John W. Dean
John Dean served as Counsel to the President of the United States from July 1970 to April 1973. Before becoming White House counsel at age thirty-one, he was the chief minority counsel to the Judiciary Committee of the US House of Representatives, and an associate deputy attorney general at the US Department of Justice. His undergraduate studies were at Colgate University and the College of Wooster, with majors in English Literature and Political Science; then a graduate fellowship at American University to study government and the presidency before entering Georgetown University Law Center, where he received his JD with honors in 1965. John recounted his days at the Nixon White House and Watergate in three books: Blind Ambition (Open Road 2016), Lost Honor (1982) and The Nixon Defense (2014). After retiring from a business career as a private investment banker doing middle-market mergers and acquisitions, he returned to full-time writing and lecturing, including as a columnist for FindLaw's Writ (from 2000 to 2010) and Justia’s Verdict (since 2010). Donald Trump’s election and presidency resulted in John’s 12th book by return to American authoritarianism, which he examined earlier New York Times best-sellers Conservatives Without Conscience (2006), because authoritarianism is on the ballot in 2020. Thus his study with Bob Altemeyer, Authoritarian Nightmare: Trump and His Followers. John held the Barry Goldwater Chair of American Institutions at Arizona State University (academic years 2015-16), and for the past decade and a half he has been a visiting scholar and lecturer at the University of Southern California's Annenberg School of Communications. John is a CNN News contributor and analyst, and teaches continuing legal education (CLE) programs examining the impact of the American Bar Association's Model Rules of Professional Conduct on select historic events from Watergate and the Trump presidency with surprising results – see www.WatergateCLE.comRead more Read less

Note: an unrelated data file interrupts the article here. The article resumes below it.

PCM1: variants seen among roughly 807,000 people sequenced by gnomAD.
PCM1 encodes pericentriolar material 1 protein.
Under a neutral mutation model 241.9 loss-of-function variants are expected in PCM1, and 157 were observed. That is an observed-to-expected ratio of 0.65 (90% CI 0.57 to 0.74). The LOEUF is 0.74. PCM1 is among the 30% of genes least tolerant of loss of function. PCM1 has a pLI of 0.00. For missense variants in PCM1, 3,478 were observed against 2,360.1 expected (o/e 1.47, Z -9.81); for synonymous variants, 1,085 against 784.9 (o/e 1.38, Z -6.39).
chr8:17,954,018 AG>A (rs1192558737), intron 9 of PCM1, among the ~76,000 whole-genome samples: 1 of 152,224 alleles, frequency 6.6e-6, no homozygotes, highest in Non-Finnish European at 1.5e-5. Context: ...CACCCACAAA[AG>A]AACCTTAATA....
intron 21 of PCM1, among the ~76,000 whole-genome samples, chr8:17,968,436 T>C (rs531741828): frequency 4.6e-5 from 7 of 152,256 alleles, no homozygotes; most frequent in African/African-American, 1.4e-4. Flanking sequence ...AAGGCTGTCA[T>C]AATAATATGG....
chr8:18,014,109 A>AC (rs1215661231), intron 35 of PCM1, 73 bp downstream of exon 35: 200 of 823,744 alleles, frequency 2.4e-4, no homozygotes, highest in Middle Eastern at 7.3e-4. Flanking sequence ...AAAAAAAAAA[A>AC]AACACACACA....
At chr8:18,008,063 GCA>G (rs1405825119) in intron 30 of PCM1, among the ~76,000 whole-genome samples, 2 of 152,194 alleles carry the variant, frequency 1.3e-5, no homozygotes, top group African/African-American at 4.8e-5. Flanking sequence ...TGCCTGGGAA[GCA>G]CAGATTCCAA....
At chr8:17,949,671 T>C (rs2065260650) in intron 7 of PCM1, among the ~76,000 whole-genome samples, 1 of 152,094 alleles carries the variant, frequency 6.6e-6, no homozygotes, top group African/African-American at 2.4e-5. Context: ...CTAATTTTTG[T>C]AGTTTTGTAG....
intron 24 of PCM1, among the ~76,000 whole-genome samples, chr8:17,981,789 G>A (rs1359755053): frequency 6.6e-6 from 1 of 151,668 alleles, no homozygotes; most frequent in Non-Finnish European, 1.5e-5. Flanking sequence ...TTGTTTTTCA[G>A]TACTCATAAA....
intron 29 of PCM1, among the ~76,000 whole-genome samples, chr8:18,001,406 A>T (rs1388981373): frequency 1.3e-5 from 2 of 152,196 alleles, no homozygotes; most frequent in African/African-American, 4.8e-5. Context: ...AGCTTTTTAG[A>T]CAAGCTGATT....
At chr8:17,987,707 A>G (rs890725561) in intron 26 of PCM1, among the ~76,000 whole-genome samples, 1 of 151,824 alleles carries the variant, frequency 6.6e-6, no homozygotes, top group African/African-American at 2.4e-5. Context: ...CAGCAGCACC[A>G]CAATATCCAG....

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Featured Article: Watergate, 50 Years Later—Essential Listening on the Political Scandal and Its Aftermath
Watergate's significant and lasting effects on American politics cannot be denied. While there were kernels of distrust in the government before this time, the Watergate Scandal drove American citizens to become even more critical and distrusting of people in positions of power. Here are some essential listens about Nixon, Watergate, and everything else you need to know.